7. Azlan,

    “Whether it’s ”a good addition to the 10 SKN RAJD (PARA)” per see is questionable/debatable as the unit needs something which can be easily or more practicably deployable; something with a smaller/lighter footprint.”

    10 SKN RAJD (PARA) is equipped with quite a lot of heavy machinery, like excavators, dump trucks, backhoes, motor graders etc, also with gap closing/river crossing equipment such as the catamaran raft. Many of those are not easily deployable by air.
    http://m.facebook.com/story.php?story_fbid=1580854502109015&id=368368760024268&sfnsn=mo

    The JYL913 is probably the smallest instant bridge on a truck there is out there. Small enough to fit in a C-130, but able to span 13m gap. That is not much, but enough to cross large ditches, or partial damaged sections of a larger bridge.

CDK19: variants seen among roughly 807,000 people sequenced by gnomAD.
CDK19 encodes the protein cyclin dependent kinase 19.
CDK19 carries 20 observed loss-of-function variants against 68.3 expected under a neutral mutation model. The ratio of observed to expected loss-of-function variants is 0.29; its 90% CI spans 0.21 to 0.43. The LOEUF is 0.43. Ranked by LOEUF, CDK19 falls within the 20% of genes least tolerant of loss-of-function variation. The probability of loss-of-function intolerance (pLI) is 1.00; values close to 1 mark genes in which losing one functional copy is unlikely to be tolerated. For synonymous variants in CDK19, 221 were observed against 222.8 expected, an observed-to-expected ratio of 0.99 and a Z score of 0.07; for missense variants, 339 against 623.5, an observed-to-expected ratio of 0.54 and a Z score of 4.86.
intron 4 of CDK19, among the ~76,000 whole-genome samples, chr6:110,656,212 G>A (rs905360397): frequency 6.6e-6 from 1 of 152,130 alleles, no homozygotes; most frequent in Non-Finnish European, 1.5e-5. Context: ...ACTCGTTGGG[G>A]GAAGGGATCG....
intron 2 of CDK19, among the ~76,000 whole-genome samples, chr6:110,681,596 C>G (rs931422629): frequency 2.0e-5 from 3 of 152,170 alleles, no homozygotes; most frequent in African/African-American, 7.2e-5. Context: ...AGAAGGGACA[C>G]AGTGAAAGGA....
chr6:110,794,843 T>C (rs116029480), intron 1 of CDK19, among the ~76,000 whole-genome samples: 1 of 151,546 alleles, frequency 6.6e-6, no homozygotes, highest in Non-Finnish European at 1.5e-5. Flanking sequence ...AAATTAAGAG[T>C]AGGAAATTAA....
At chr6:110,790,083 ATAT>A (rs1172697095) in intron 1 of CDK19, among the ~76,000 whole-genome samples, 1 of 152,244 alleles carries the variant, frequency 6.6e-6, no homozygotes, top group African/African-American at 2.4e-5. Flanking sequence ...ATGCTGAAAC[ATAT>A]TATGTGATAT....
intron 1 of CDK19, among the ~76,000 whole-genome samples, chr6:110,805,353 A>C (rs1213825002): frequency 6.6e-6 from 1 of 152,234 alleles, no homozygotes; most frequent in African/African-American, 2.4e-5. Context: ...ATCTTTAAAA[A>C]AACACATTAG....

http://upload.qianlong.com/2018/1121/1542789350510.jpg

    http://upload.qianlong.com/2018/1121/1542789352848.jpg

    Seems that they sell thode bridges as civilian equipment too

    http://p3.itc.cn/q_70/images03/20201127/b3ceabdebc5d4f49be2e3394a612a23f.png

    http://www.oemember.com/uploadfile/2020/11/27/20201127171735BwKXWA.jpg

  8. gonggok – ”10 SKN RAJD (PARA) is equipped with quite a lot of heavy machinery, like excavators, dump trucks, backhoes, motor graders etc, also with gap closing/river crossing equipment such as the catamaran raft. Many of those are not easily deployable by air.”

    All of those are intended to be deployed in circumstances where the unit has moved by land and has a secure lines of communications or has landed on and secured an airhead which can be expended into a forward operating base.

    There is a reason why the bulk of airborne/heli assault units worldwide don’t have organic bridging elements; as it does not fit into CONOPS due to operational requirements or has to heavy/large a footprint. Bridges such as the JYL913 should be organic to maneuver elements to ensure they are there when needed rather than having to wait for them. .

Leave a Reply

Your email address will not be published.


*